Memory Clinic…

In England we have Memory Clinics.

My mother used to go to one to rule out dementia, or as it used to be called, senility.

She was asked a few questions about current and past events; of course she was brilliant at the past ones and had a bit of a stretch for the current ones, but for the most part she remembered to get herself up in the morning, eat reasonably well, walk the dog, watch Wimbledon and enjoy her uninterrupted life.

We also have Falls Clinics where my father would go to have his balance, and potential for further tumbles, evaluated.  He was given exercises to do.

My mother finally started going there too, initially because of her age,

and eventually because she did fall a couple of times, once in the garden and once against her bathroom sink.

She’d go every few months, be picked up by an ambulance and brought home after the appointment,

“I wish they’d just leave me alone,” she’d complain when I called to ask about her day.


My brother told me that he had gone to one of these clinics recently, the memory one.

He’d blacked out while on holiday last year and cracked his head open poolside in front of his two teenage sons.

A couple of days in hospital and several stitches later he resumed his holiday and didn’t think much more about it, except for his scar that faded with time.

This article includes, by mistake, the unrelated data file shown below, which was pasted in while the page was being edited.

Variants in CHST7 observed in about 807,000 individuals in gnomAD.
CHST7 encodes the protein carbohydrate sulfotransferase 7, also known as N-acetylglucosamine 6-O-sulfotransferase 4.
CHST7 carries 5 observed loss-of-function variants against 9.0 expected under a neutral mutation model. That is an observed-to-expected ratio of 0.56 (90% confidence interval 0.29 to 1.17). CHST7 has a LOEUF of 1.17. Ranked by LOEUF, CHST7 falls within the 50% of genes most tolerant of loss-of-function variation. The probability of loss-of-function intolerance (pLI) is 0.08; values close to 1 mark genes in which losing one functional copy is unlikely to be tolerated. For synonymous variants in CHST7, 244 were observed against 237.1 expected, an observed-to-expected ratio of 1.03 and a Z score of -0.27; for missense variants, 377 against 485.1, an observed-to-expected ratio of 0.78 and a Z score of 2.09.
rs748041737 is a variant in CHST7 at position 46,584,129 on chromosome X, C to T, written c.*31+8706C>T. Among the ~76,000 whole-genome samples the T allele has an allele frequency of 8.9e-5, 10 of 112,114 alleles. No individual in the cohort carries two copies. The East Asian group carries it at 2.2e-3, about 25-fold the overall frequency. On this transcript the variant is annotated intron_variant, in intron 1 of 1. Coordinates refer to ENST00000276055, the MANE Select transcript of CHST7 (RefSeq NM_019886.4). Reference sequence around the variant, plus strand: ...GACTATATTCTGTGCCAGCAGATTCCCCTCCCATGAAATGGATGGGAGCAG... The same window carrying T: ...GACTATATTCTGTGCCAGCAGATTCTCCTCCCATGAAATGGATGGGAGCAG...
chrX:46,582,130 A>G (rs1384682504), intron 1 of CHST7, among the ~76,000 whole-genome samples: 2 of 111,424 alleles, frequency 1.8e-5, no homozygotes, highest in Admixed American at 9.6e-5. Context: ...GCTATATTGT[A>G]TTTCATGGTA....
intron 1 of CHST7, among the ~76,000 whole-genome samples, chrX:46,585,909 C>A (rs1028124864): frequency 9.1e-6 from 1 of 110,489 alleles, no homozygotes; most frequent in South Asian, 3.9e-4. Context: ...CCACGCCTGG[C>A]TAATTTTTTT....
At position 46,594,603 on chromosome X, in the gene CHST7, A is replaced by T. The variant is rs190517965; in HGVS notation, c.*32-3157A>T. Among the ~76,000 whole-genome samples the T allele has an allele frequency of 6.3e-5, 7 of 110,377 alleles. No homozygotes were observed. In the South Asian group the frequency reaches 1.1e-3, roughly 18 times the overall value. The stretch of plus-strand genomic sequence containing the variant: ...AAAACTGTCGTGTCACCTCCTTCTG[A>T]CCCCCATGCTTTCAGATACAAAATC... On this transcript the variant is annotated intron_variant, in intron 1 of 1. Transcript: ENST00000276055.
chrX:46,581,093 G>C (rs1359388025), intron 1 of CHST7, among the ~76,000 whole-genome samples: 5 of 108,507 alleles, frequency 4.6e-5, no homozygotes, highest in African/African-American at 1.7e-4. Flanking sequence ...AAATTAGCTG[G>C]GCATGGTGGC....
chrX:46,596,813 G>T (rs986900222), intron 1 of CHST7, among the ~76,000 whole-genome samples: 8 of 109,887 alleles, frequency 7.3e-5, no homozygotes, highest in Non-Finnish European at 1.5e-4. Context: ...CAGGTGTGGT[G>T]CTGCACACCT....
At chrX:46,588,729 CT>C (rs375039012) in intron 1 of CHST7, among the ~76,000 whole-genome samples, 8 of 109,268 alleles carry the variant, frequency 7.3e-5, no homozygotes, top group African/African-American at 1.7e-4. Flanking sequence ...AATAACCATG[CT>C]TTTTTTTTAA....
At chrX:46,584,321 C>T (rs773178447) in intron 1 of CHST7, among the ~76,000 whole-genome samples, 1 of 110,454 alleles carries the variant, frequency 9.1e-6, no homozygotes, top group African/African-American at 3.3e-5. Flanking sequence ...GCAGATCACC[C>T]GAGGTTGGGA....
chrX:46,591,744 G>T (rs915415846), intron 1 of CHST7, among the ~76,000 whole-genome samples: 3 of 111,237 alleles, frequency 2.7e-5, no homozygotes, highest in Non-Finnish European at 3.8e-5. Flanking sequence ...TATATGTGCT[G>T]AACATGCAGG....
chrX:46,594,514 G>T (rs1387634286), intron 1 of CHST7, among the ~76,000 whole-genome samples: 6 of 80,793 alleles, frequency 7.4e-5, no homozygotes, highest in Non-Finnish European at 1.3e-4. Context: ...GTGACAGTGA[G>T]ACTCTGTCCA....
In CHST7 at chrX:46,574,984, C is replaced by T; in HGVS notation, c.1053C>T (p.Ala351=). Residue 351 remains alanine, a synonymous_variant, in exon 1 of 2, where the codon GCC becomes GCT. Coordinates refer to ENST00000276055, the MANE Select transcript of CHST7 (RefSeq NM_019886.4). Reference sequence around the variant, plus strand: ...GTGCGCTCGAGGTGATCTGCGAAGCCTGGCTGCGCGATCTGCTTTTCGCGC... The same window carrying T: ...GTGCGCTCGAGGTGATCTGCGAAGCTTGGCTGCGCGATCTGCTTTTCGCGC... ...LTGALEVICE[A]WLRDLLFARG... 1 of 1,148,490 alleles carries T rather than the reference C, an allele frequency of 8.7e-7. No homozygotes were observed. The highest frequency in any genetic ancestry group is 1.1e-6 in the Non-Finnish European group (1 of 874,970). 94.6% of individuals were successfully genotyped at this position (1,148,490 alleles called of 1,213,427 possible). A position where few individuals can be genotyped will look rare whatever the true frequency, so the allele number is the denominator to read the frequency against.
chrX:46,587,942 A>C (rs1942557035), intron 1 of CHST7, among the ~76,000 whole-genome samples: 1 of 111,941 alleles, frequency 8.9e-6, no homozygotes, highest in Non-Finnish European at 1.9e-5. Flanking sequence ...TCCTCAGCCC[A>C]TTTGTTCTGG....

Over the course of the year he noticed slight slips of memory.  Now Vincent has a fabulous ability to recall the most minute detail and he was getting worried,

“I’ve started writing things down like you do,” he told me a few months ago.

“I forget where I put things,” he confided.


“I lose my train of thought when I’m talking to someone,” he said.

“Welcome to the sixties,” I chided!  None of these lapses were new to me.

He took himself off to a memory clinic to check his head…just in case…and had some tests run; nothing wrong with his memory.

He had a brain scan; nothing wrong there except for a tiny polyp on the side of his grey matter,

“It could be from the fall but we can’t be certain without a previous scan to compare it to,” he was told by the doctor.

He left feeling relieved that he’d been able to rule out any permanent damage incurred by his fall or evidence of early-onset-dementia.


A few minutes later on the train home his phone rang,

“Mr. Baggarley?  This is the doctor from the Memory Clinic.  I just wanted to let you know you forgot your raincoat!”




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